‘Nyepi’ and spiritual tourism

On the morning before the last Hindu Day of Silence or Nyepi, the roads of the central Ubud area were strangely quite. This was a great surprise for me, as I’m used to complaining about the increasing traffic in this small Bali town.

Many people, like some of my friends, had probably decided to spend this boring Nyepi off the Island, making the most of the opportunity to visit other areas and other islands close by.

The town’s surroundings, where ogoh-ogoh (giant Balinese papier-mâché statues) had started to emerge, preparing for the big night parade, were unusually quite and silent.

The situation changed from 5 o’clock in the afternoon, with crowds pressing onto the roads leading to the area selected as the starting point for the parade: the football field on Jl. Monkey Forest.

The following morning, I woke up to the sound of rosters, competing for the best “cock-a-doodle-doo”. Little by little, birds also started making themselves heard, with their cheerful chirping. Then even geckos (cicak) took part in this chorus with their squeaking voices.

While in Bali it is normal to wake up to this magic atmosphere, I could fully enjoy it only on that day of Nyepi. Like almost everybody else on the island, I spent the whole first day of the Balinese New Year at home with my family. The only exceptions were some short walks inside the compound to dispose of garbage or to take some pots to the common kitchen.

Outside, on the roads, the silence was absolute and, for this reason, unusual but wonderful. No motorbikes or cars were seen. Everything was silent except for rosters, which continued to crow from time to time, their ritual song from dawn to sunset.

Only twice was the human silence broken. In the morning I heard cheerful voices coming from a neighboring compound, where a local NGO that helps children with physical and mental handicaps is located. But this, knowing the special character of the organization, was not disturbing. The only disturbance came early in the afternoon with the sudden shouts of several boys, who rushed onto the green field, passing a bordering stream, to play catch. Fortunately this didn’t last long.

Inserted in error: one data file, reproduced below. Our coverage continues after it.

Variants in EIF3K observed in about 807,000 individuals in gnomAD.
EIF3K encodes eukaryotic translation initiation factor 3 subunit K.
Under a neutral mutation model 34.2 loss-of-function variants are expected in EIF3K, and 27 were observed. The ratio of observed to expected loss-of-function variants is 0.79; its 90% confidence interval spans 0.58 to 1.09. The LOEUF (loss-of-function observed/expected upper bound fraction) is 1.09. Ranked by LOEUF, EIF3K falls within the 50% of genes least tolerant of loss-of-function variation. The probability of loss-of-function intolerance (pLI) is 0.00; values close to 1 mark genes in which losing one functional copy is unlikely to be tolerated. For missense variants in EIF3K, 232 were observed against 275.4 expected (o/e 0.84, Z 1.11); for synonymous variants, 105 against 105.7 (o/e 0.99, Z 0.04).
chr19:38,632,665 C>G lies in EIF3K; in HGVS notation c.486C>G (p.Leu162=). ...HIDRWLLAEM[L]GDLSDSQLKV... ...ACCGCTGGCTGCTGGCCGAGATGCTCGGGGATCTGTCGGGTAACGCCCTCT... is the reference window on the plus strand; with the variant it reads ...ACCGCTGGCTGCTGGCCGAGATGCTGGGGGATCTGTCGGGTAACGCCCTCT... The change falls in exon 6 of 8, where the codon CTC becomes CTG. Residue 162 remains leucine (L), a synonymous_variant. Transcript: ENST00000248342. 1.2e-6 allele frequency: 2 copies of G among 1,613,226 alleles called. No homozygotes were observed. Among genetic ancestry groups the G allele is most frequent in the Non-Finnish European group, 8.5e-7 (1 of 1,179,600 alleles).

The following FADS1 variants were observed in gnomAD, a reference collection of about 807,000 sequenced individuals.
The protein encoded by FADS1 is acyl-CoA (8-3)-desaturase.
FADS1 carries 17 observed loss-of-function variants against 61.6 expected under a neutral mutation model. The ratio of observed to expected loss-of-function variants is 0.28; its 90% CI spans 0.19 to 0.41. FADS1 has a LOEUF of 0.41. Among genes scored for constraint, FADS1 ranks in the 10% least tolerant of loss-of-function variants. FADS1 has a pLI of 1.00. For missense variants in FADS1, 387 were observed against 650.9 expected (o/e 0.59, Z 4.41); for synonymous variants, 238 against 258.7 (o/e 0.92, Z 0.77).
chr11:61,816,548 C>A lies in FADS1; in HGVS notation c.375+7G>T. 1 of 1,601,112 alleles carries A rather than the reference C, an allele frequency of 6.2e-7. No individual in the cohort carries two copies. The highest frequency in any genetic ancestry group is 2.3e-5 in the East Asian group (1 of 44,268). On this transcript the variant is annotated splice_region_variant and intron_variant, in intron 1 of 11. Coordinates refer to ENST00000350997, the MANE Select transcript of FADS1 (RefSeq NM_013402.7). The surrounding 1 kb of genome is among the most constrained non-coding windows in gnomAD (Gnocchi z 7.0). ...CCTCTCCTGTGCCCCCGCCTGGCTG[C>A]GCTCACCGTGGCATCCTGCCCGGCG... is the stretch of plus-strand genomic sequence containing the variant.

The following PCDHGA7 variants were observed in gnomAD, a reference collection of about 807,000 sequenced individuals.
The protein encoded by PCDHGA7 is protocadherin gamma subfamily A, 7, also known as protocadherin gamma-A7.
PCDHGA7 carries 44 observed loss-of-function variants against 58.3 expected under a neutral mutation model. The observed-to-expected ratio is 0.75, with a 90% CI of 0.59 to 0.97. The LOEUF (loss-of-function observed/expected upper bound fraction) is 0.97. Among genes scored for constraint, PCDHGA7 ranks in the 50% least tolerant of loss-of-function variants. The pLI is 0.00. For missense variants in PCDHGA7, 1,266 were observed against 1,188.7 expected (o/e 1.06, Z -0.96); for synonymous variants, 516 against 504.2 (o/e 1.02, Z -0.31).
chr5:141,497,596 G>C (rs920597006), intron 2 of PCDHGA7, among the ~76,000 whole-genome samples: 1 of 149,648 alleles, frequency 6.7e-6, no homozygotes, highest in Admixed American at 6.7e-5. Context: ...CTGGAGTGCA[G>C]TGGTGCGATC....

All day long I had the opportunity to enjoy various aspects of this special day. The lack of pressure was one: it was impossible to go out to buy anything something, to try the specialties of a newly opened restaurant, or to rush to the bank before it would be too crowded. The air was crisp and clear compared to that of other days, when the odors and thick smoke of fuel, burned garbage and greens compete with the perfumes of flowers and incense burned for offerings or the fragrance of pots gurgling in traditional open kitchens.

I recalled this experience after attending a seminar promoting “Spiritual Tourism” in Sanur, several weeks ago. The event, publicized also in The Jakarta Post, could rely on the participation of prominent governmental and non-governmental institutions involved in social, cultural and tourist matters and well-known personalities of the cultural and spiritual world. This renowned participation and the interesting and topical theme of the seminar, aimed at attaining a more sustainable tourism, tailored for Bali peculiarities, resulted in a large audience, who were mainly representatives of the Bali tourism business world.

I think the best way to develop Balinese tourism more in keeping with local traditions and culture, and respectful to the local environment, is to start promoting events, products and other aspects of the local life, not for their immediate and direct monetary return, but just for a better understanding and appreciation of the special Bali spirit. This seems, in fact, the essence of spiritual tourism. That is to say a tourism less based on external, spectacular and folkloric aspects, which are easy to sell but also faster to be consumed and eroded. It must be tourism more attentive to soft, long-lasting and genuine aspects.

In this connection, Nyepi could be seen and promoted not only as an important tradition of Balinese New Year or, for foreigners, as a strange expression of local folklore and an occasion to pop over from Bali to surrounding areas to escape the boredom of a too quiet, homely day.

Nyepi could and should be seen as a meaningful and inspiring day to better grasp Bali’s unique but tangled culture. At this moment, when the flow of tourism has reached a peak, it would be wise, perhaps, looking at the future, to start thinking seriously about making tourism more attentive to qualitative, cultural and spiritual aspects.

Experience teaches us that the most successful and sustainable changes are those undertaken before the curve of success starts going down.

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